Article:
How to remove a controller

See also: Controller, Removing things reference

There are multiple ways to remove a controller. This document demonstrates each, in order of severity.

Contents:

Unregister a controller

See also: juju unregister

A controller can be unregistered from a client with:

juju unregister <controller-name>

For example:

juju unregister aws-controller

This removes local connection information from the local client. This command does not affect the controller itself in any way.

Destroy a controller

See also: juju destroy-controller

A controllercan be destroyed with:

juju destroy-controller <controller-name>

You will always be prompted to confirm this action. Use the -y option to override this.

As a safety measure, if there are any models (besides the ‘controller’ model) associated with the controller you will need to pass the --destroy-all-models option.

Additionally, if there is persistent storage in any of the controller’s models you will be prompted to either destroy or release the storage, using the --destroy-storage or --release-storage options respectively.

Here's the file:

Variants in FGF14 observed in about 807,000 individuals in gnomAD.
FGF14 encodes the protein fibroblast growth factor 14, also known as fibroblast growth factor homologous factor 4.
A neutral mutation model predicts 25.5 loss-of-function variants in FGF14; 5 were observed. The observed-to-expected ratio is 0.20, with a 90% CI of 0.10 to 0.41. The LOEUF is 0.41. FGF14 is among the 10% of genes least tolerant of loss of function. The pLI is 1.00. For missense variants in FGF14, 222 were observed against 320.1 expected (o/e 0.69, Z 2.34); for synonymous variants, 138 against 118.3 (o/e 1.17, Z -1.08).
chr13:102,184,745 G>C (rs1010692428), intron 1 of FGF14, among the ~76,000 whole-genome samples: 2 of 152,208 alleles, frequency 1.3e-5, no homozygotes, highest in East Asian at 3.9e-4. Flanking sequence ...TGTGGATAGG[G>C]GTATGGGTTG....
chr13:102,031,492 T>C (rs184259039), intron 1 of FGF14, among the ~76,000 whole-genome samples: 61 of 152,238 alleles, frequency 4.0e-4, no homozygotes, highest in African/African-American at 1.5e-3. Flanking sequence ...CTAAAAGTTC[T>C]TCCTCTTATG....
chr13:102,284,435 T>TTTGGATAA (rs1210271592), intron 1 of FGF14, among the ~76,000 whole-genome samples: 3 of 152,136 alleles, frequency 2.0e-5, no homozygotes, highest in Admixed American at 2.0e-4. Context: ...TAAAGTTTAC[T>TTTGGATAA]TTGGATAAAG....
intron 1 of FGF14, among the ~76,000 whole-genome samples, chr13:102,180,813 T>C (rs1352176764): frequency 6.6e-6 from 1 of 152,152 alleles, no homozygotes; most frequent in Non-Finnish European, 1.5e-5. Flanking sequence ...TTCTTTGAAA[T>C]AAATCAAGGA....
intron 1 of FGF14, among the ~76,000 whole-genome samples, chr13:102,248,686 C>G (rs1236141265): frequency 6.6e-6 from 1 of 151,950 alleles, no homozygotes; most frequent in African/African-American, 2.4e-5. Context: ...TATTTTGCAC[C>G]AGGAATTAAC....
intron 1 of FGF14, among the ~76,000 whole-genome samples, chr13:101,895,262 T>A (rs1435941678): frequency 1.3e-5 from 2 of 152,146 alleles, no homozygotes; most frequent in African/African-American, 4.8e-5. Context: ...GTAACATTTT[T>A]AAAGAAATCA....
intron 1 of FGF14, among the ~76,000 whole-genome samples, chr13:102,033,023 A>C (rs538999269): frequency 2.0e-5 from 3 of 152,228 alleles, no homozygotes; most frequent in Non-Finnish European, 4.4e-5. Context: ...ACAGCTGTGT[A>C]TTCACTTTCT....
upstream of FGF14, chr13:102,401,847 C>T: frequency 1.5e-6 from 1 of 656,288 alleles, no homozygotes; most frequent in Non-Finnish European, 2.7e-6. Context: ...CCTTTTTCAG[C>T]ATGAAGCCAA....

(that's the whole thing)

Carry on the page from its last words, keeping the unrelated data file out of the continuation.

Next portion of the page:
For example:

juju destroy-controller -y --destroy-all-models --destroy-storage aws

Use the kill-controller command as a last resort if the controller is not accessible for some reason.

Kill a controller

See also: juju kill-controller

The kill-controller command deserves some attention as it is very destructive and also has exceptional behaviour modes. This command will first attempt to remove a controller and its models in an orderly fashion. That is, it will behave like destroy-controller. If this fails, usually due the controller itself being unreachable, then the controller machine and the workload machines will be destroyed by having the client contact the backing cloud’s API directly.